Special Education Initiative Launches in Archdiocesan Schools
Catholic education is well respected for its attention to the individual person, as well as its ability to reach out to students at the margins of society. For decades, Catholic schools have worked with parents of special needs children to provide learning support. However, some parents of children with learning disabilities have expressed sadness that a Catholic education was not available to their sons and daughters. This was due, in part, to the lack of support services necessary to sufficiently accommodate children with special needs.
To address this concern to provide an equal education opportunity to more students with special needs, Archdiocesan officials and the office of the Superintendent of schools, created a task force consisting of school administrators, teachers, and learning consultants. The goal of the task force was to design a universal, school-wide plan to support students with special needs, including those with Down Syndrome, Attention Deficit Hyperactivity Disorder (ADHD), and Autism Spectrum Disorders such as Asperger’s Syndrome.
After several years of research, the task force released the archdiocesan special education initiative. And thanks to a grant of $50,000 from Jersey City-based Goya Foods, the archdiocese launched the program this past school year, and implemented the support services in all Catholic schools throughout Bergen, Essex, Hudson, and Union counties.
Goya, America’s largest Hispanic-owned food company, continues to provide frequent food and monetary donations to programs and charitable organizations within the archdiocese, often through its Goya Gives campaign.
Eileen O’Neill, the archdiocesan coordinator of special education, is responsible for overseeing the initiative throughout the four counties, and is building relationships with parents, teachers and administrators. One of Eileen’s most vital tasks is to train staff how to use the Response to Intervention (RTI) system.
O’Neill explains, “RTI is a systematic method to identify struggling students early in order to identify the student’s needs and provide interventions immediately. I am so happy at the response I have received and how the schools are using this approach.” O’Neill also confirmed that Archdiocesan Schools continue to expand their ability to use the RTI system effectively through teacher training and program development. This helps provide comprehensive services to all students.
If a student is determined to have special needs after implementing RTI, a special education teacher from the school will meet with the Child Study Team and the parents of the special needs child. Together, they will develop a detailed individualized service plan (ISP) to help the child learn and grow at a pace that is appropriate to his or her needs. The evolution of the ISP is critical to the academic success of the student, and therefore is adjusted as the student progresses in his or her development.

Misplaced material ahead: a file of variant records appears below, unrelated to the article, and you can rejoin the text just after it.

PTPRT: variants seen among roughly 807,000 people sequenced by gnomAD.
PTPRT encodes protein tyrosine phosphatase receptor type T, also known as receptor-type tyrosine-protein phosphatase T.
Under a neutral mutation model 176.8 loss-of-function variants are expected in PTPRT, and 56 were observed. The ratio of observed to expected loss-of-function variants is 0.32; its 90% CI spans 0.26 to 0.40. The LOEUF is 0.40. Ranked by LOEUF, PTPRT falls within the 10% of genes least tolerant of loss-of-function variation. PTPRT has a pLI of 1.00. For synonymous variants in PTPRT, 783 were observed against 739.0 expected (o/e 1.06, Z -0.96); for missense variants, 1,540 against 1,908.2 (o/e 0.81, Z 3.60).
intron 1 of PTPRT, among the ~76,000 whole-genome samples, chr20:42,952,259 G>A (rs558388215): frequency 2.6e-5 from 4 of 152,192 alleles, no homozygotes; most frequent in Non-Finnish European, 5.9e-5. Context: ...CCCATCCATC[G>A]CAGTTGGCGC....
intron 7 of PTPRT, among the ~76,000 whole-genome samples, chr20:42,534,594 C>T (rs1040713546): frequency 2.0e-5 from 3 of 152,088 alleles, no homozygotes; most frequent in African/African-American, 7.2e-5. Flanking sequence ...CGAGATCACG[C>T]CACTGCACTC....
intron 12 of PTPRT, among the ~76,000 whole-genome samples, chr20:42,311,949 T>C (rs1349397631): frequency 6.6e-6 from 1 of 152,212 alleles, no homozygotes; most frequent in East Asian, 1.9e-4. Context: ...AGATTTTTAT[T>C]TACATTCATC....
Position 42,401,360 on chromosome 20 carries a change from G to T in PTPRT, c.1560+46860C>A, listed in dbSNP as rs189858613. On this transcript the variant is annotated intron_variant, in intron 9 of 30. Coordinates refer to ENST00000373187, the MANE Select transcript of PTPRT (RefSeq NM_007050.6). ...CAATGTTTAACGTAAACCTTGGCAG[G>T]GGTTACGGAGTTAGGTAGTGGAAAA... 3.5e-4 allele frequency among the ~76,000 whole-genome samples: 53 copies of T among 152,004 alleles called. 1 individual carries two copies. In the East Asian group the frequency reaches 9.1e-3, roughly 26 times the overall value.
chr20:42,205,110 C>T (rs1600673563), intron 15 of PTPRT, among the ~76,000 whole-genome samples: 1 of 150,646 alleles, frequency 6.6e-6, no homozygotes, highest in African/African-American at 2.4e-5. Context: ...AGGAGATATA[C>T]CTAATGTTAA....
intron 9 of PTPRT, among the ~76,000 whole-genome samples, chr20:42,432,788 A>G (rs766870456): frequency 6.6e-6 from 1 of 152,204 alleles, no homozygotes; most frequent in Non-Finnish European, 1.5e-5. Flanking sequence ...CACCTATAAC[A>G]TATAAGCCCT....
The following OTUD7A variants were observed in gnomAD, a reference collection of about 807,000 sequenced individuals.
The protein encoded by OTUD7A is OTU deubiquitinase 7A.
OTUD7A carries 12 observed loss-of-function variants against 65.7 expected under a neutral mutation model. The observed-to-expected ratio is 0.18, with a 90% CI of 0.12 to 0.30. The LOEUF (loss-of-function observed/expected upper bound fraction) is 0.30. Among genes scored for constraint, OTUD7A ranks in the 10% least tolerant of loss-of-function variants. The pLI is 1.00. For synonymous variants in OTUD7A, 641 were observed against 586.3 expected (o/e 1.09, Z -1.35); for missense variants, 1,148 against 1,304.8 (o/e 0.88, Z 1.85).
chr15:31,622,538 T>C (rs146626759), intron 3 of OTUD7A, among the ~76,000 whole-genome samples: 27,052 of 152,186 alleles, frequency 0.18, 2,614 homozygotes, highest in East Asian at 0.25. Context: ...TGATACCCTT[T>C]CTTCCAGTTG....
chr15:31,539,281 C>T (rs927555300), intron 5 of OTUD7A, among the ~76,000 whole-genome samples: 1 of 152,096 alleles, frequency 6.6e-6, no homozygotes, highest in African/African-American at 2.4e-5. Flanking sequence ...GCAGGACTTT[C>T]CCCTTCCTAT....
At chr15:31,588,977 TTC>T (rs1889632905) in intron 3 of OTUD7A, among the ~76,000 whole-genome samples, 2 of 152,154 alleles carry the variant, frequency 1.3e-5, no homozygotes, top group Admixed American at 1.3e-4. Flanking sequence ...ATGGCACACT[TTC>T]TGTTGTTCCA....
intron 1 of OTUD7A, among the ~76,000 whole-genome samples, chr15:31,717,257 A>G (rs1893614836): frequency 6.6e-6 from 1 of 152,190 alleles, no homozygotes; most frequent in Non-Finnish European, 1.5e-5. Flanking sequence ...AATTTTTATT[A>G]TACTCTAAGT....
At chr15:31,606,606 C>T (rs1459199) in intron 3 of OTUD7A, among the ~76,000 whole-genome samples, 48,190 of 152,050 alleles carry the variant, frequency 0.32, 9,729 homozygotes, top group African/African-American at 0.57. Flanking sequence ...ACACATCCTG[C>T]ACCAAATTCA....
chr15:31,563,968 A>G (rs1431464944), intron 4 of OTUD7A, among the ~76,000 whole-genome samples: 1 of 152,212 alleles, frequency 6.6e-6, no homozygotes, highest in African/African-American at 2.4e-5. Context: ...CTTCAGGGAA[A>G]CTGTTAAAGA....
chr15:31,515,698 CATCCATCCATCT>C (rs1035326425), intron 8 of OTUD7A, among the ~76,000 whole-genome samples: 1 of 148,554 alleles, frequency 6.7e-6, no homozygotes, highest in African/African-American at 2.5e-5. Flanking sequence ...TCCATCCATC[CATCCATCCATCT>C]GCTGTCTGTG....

Although each ISP is customized specifically for each child, many of them include resource room learning. Each day, a special education teacher will spend one class period—35-45 minutes—working with the student in a one-to-one environment. This allows the teacher and student to focus on areas of success and areas where more support is needed.
Overall, the special education initiative has been positively received by school administrators, principals, teachers and staff. “The addition of the position of Coordinator of K-12 Special Education has been an asset to the Archdiocese of Newark,” says Dr. Margaret Dames, secretary for education and superintendent of schools. “But most importantly, it is how the position has affected teachers, helping them to understand what they can do for our special children, and it has assisted our students to practice the Catholic faith and simultaneously learn to succeed socially and academically.”
The special education initiative is still in its early stages, and although it has had great success, the archdiocese is aware of the challenges that still need to be addressed, and will continue to provide additional resources in order to deliver the best possible learning experience for students with special needs.
The Archdiocese of Newark’s Office of the Superintendent of Schools is committed to the promotion, preservation, and growth of all Catholic Schools in the Archdiocese. It strives for the development of programs of educational excellence which convey the message of Christ and prepare students for life.
The Office of the Superintendent is entrusted with the responsibility of providing leadership, unity, and service to all elementary and secondary schools of the Archdiocese, whether parochial, private, Religious Community-owned, or regional. It is committed to shaping the future of students by cultivating Catholic School Leadership, and serves as a catalyst and resource by providing vision, direction, and service in a collaborative mode. It strives to act in the spirit of the Gospels, and in accordance with the teachings of the Catholic Church. Visit catholicschoolsnj.org to learn more.